Realizing a Vision for the Rose City

City of Welland

Tim Berners-Lee, a British computer scientist and inventor of the World Wide Web, is noted as saying that new challenges must be met with a diversity of thought.

Although he may have been referring to the technological challenges of the current day, his insight can be equally applied to any challenge – globally, within countries or within cities.

A firm commitment to move forward, rather than being paralyzed by challenges, enables a vision for exploration and growth. A peek into what can be, rather than reflecting upon what was. It is the adoption of this diversity of thought and the resolution to secure a future that propels the city of Welland, Ontario forward.

Situated on the St. Lawrence Seaway in the “Golden Horseshoe”, the heart of Southern Ontario, Welland, known as the “Rose City”, has a population of over 50,000. The city has traditionally gained renown for having a strong manufacturing base, complemented by excellent infrastructure that includes rail, air and highways with connections to major Canadian and U.S. industrial centres. The city’s Welland Canal, which was instrumental in the city’s development, acts as a key shipping portal to the St. Lawrence, connecting Lakes Erie and Ontario.

Being in the Niagara Peninsula, Welland is a thirty minute drive to the U.S. border and within a day’s drive to seven of the nation’s top ten industrial states. The city is also in close proximity to over 200 automotive related and advanced manufacturers.

Of the city’s expansion of its 406 highway, part of Southern Ontario’s 400 series of highways leading into the city, Dan Degazio, Welland’s Economic Development Manager, explains that, “The four lane expansion will be completed by this year. That’s a major attraction… with a 20 minute drive in each direction, you’re touching a population of almost 435,000 people.”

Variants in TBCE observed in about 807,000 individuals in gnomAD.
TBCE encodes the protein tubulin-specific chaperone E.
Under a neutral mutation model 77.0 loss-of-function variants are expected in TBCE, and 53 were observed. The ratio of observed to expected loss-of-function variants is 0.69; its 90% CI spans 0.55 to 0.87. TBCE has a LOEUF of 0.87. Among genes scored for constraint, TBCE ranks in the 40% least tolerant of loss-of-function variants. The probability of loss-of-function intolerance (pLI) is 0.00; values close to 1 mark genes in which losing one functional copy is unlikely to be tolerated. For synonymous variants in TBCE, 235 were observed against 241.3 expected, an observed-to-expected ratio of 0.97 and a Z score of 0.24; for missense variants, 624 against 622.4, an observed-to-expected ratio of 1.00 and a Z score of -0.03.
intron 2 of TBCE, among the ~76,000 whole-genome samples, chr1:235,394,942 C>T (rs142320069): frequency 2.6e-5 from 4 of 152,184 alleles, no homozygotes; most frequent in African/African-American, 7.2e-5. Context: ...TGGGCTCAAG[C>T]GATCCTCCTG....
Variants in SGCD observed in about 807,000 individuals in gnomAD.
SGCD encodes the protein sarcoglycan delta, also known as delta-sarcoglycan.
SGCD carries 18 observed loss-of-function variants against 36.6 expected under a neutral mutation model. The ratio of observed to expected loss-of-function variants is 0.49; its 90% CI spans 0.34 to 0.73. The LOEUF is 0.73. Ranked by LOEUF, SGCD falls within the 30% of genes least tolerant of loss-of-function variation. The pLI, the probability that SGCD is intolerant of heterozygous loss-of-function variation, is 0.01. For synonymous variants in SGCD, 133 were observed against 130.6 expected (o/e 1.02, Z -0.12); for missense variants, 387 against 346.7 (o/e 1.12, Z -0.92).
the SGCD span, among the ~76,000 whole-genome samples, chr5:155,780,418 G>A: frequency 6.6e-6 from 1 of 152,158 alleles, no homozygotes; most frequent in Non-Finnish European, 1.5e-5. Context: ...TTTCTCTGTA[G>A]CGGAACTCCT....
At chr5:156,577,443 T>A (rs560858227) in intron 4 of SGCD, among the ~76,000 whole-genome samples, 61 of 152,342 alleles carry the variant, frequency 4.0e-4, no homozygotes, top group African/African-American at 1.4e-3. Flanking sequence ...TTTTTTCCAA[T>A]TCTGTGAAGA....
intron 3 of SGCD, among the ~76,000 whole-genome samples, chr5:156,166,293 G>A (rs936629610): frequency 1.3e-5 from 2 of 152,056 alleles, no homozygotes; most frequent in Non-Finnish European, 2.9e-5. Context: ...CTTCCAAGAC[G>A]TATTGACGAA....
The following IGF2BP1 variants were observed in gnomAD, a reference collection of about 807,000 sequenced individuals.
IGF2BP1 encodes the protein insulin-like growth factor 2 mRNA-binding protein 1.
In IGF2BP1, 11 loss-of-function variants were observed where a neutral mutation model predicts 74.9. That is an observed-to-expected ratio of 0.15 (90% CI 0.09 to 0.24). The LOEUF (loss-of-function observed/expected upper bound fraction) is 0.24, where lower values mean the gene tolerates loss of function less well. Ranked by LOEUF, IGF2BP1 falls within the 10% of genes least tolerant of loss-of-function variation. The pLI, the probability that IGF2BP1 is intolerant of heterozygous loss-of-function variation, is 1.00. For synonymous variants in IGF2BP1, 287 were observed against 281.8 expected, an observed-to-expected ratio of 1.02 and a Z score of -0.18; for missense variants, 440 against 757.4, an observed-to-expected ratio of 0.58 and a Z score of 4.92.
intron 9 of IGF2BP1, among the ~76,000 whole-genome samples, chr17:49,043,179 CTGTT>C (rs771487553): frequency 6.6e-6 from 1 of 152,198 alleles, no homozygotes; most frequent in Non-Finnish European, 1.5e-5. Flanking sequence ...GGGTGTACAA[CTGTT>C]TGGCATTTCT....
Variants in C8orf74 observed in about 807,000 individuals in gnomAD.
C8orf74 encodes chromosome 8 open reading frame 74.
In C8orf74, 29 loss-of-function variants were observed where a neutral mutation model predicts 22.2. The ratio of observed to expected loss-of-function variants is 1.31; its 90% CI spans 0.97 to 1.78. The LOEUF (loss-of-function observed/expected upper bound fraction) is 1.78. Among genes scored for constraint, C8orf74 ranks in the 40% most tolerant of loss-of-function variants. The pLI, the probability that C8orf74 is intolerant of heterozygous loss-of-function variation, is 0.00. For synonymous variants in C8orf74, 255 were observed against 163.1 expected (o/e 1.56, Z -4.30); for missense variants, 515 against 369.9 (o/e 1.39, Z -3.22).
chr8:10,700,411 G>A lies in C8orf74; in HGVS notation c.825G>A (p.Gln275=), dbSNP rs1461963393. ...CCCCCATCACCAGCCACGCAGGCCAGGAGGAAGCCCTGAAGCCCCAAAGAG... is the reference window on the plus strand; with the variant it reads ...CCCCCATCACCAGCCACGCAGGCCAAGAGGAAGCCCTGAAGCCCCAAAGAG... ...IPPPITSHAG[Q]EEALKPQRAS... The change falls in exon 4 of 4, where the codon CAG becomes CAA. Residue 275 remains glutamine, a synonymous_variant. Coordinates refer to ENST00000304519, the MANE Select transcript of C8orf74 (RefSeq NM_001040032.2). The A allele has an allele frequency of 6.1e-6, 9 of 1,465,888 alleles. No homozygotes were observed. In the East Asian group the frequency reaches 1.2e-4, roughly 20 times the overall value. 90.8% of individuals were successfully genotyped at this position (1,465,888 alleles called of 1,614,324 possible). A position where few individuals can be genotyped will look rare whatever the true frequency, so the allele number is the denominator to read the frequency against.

Initiating incentives

The Niagara Gateway Economic Zone and Centre is a business incentives project developed to attract investment in the Niagara region. The Gateway Centre includes five municipalities selected on the basis of their multimodal network – Welland, Port Colborne, Niagara Falls, Fort Erie and Thorold. The magnitude of the incentives for each project will be dependent on investment levels and job creation.

Approximately one-third of the available 2,000 hectares of vacant employment lands within the Gateway are currently fully serviced. For those businesses interested in relocating to the Niagara region, support programs are offered as additional incentives. “The Gateway Centre is an incentive program to help enlighten people and companies about our area,” says Dan. “There are some tax incentives, development charge incentives as well as land incentives in this project.”

Welland’s Health and Wellness Services Growth Plan, one of the objectives of the city’s Community Improvement Plans, was developed to take advantage of Welland’s rapidly changing demographics and to address the identified need to diversify the economy. The goal of the Plan is to recognize new opportunities for growth in the Healthcare and Technology sectors and to gain recognition as a Health and Wellness Services leader in the Niagara region.

“We’re looking to have Welland be one of the hubs of health and wellness in the region,” states Dan. “We’re working very closely with some of our manufacturing companies [which] are dealing with medical devices right now.”

Additionally, Dan relates that sports tourism is a major economic driver for the city. “We’re a very sports oriented community,” he says. Almost $16 million has been spent on their indoor Youngs Sportsplex opened in 2013. “It’s the only indoor FIFA sized soccer facility in Ontario right now,” he adds. “There are no indoor facilities that can actually host an indoor international game… Sports have always been a big thing in Welland, but now we’re trying to make more of it.”

Lighting the way